Tech Report: Microsoft’s Surface Pro Tablet Falls Flat

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The Microsoft tablet Surface is unveiled during a news conference at Milk Studios on June 18, 2012 in Los Angeles, California.  The new Surface tablet utilizes a 10.6 inch screen with a cover that contains a full multitouch keyboard. (Photo by Kevork Djansezian/Getty Images)

The Microsoft tablet Surface is unveiled during a news conference at Milk Studios on June 18, 2012 in Los Angeles, California. The new Surface tablet utilizes a 10.6 inch screen with a cover that contains a full multitouch keyboard. (Photo by Kevork Djansezian/Getty Images)

LarryMagid01-228 Larry Magid
Larry Magid is a technology journalist and an Internet safe...
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SAN FRANCISCO (KCBS)— Microsoft’s highly-anticipated Surface Pro tablet goes on sale starting on Saturday. I’ve had the fortune of testing it out for the past couple of weeks and was really excited when it arrived.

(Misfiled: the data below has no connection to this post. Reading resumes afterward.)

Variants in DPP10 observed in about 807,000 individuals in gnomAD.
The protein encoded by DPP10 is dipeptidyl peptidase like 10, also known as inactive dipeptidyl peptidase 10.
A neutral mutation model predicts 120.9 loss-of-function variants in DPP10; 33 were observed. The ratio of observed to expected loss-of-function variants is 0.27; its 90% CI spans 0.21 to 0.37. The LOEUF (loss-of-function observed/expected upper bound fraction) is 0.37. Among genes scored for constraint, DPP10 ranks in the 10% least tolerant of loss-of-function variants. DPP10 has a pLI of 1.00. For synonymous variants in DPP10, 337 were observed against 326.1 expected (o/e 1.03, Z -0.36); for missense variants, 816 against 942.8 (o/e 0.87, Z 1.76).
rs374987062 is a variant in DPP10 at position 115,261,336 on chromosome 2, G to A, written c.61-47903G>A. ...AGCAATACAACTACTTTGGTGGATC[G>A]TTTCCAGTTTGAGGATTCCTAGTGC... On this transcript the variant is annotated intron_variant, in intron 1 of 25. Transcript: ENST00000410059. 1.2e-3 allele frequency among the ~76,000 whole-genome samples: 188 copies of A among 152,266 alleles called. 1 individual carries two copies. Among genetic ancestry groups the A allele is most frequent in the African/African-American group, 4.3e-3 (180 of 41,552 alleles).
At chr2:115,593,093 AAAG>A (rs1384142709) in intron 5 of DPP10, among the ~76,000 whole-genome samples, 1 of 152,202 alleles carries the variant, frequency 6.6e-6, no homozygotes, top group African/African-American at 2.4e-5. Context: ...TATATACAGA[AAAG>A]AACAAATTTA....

I love the idea of a lightweight computer that’s also a tablet and I thought, ‘this is great’ and really hoped that I would love the actual product. Unfortunately I didn’t love it.

As a tablet, it’s okay if you forgive the fact that it only has about four and a half hours of battery life, which is really, really bad by tablet standards (The iPad can go up to 10 hours).

As a laptop I gave it mixed reviews. The biggest problem is that you can’t use it on your lap. The way the optional keyboard is attached is with a magnetic attachment and if you put it on your lap it’s going to flop over. There’s a kickstand, so it does okay on your desk, but it doesn’t work on a lap.

The other problem I had (and not all reviewers found this) is that I was making a much higher number of typos on the keyboard, because if you touch it the wrong way it seems to just freeze up on you.

I had to give it poor marks as a laptop and mediocre at best as far as being a tablet. Every piece of software that I use on my regular Windows desktop or Windows laptop ran on that Surface device. When I do radio segments for the CBS network I use a program called Audacity. That worked fine by plugging in my microphone into the USB port, but the actual physical device itself didn’t quite make it.

(Copyright 2013 by CBS San Francisco. All Rights Reserved. This material may not be published, broadcast, rewritten, or redistributed.)

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